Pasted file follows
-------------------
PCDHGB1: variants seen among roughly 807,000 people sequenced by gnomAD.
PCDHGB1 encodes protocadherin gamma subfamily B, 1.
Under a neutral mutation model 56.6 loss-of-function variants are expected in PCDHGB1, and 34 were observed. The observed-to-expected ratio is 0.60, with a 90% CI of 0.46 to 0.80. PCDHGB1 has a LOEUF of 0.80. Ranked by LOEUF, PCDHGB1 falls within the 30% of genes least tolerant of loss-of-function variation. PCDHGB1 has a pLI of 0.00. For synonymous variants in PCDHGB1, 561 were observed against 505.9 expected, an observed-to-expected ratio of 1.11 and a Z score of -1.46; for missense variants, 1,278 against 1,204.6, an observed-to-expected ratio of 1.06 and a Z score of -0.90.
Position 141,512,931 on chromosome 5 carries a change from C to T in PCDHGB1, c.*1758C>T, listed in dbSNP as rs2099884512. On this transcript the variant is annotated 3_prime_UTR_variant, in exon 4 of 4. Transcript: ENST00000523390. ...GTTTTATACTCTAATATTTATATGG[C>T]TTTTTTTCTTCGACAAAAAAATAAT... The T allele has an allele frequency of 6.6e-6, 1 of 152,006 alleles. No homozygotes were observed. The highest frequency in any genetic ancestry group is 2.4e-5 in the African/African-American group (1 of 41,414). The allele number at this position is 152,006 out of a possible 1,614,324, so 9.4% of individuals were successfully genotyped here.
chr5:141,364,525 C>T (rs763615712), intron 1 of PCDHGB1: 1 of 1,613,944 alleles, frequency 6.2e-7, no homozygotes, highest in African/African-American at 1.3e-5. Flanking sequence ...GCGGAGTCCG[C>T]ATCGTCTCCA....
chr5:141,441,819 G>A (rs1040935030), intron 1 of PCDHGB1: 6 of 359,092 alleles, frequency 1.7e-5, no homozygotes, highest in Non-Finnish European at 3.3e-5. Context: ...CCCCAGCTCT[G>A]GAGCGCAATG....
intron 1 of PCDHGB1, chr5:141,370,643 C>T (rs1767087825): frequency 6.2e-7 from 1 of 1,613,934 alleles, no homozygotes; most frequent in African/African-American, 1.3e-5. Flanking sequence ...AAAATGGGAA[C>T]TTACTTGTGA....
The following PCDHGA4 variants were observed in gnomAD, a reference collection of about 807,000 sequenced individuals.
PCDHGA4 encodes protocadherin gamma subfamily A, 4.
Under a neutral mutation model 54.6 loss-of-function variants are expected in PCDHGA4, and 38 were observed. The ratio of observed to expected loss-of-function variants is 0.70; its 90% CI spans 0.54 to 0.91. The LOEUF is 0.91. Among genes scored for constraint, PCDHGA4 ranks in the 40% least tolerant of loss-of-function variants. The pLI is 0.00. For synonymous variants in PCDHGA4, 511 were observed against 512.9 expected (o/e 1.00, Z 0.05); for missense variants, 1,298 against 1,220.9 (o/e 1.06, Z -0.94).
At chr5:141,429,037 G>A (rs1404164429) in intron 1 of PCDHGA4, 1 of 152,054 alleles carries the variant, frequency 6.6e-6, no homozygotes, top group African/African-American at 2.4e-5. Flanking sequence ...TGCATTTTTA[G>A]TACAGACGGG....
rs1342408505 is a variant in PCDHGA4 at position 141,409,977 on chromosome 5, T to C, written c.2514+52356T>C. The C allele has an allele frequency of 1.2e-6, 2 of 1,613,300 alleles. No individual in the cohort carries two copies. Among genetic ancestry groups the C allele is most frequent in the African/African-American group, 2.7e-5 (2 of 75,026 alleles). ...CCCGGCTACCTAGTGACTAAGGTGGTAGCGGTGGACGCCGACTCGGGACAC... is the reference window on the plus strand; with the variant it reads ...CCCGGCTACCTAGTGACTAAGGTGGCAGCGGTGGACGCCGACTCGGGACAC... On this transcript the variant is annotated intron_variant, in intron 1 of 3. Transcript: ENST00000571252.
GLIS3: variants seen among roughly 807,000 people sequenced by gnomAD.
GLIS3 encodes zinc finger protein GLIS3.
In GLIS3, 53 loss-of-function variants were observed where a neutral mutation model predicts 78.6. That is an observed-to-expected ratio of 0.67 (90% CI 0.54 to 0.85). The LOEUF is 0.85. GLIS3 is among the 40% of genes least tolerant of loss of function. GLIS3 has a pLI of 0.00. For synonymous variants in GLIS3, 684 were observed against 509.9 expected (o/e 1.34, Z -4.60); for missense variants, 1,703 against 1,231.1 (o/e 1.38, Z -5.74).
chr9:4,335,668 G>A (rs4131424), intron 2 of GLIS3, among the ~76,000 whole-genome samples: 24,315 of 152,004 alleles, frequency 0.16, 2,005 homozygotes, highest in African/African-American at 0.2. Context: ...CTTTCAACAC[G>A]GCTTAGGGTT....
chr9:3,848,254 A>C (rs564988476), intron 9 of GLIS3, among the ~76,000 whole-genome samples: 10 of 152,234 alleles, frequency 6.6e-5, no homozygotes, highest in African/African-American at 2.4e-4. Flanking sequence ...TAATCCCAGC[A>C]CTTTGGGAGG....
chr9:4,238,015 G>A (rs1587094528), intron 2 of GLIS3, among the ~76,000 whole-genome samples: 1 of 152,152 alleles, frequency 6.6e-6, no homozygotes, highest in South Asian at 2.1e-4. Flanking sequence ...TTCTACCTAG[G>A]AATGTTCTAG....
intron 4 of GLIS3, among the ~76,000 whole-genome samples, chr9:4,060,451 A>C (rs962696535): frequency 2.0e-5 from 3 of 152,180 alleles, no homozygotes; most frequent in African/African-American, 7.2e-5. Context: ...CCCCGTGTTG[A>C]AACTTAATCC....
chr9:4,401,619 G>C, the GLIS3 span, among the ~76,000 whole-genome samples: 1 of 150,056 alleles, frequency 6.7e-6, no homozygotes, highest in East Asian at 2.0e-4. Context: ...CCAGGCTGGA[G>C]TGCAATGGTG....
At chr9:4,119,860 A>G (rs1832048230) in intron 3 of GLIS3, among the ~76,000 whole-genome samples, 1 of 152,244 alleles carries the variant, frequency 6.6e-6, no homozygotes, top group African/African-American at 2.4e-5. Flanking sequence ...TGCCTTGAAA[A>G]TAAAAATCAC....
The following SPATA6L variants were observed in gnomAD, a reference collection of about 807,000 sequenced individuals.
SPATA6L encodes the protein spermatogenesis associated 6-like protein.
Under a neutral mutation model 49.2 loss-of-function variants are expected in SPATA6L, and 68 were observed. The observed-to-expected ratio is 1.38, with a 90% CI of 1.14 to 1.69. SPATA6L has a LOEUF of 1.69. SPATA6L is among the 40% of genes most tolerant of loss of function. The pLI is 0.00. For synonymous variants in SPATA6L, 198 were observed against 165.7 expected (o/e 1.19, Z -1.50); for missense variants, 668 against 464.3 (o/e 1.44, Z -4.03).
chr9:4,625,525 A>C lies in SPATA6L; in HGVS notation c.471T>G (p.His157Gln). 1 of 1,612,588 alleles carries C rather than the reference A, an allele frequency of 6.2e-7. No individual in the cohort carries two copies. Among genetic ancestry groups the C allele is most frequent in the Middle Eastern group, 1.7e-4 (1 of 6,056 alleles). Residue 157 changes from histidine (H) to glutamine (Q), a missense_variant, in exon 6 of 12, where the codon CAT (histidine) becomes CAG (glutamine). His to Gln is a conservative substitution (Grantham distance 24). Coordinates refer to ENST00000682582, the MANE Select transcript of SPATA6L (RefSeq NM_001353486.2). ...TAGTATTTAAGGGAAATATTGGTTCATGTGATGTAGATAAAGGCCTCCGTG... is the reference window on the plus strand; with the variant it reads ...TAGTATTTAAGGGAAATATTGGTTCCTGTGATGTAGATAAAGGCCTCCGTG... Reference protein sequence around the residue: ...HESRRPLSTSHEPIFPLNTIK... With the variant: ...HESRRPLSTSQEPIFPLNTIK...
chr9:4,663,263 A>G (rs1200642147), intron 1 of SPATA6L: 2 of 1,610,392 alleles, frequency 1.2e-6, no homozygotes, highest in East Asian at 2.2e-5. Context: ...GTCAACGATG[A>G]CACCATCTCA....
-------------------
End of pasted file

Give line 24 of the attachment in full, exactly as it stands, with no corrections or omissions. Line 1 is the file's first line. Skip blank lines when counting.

Under a neutral mutation model 49.2 loss-of-function variants are expected in SPATA6L, and 68 were observed. The observed-to-expected ratio is 1.38, with a 90% CI of 1.14 to 1.69. SPATA6L has a LOEUF of 1.69. SPATA6L is among the 40% of genes most tolerant of loss of function. The pLI is 0.00. For synonymous variants in SPATA6L, 198 were observed against 165.7 expected (o/e 1.19, Z -1.50); for missense variants, 668 against 464.3 (o/e 1.44, Z -4.03).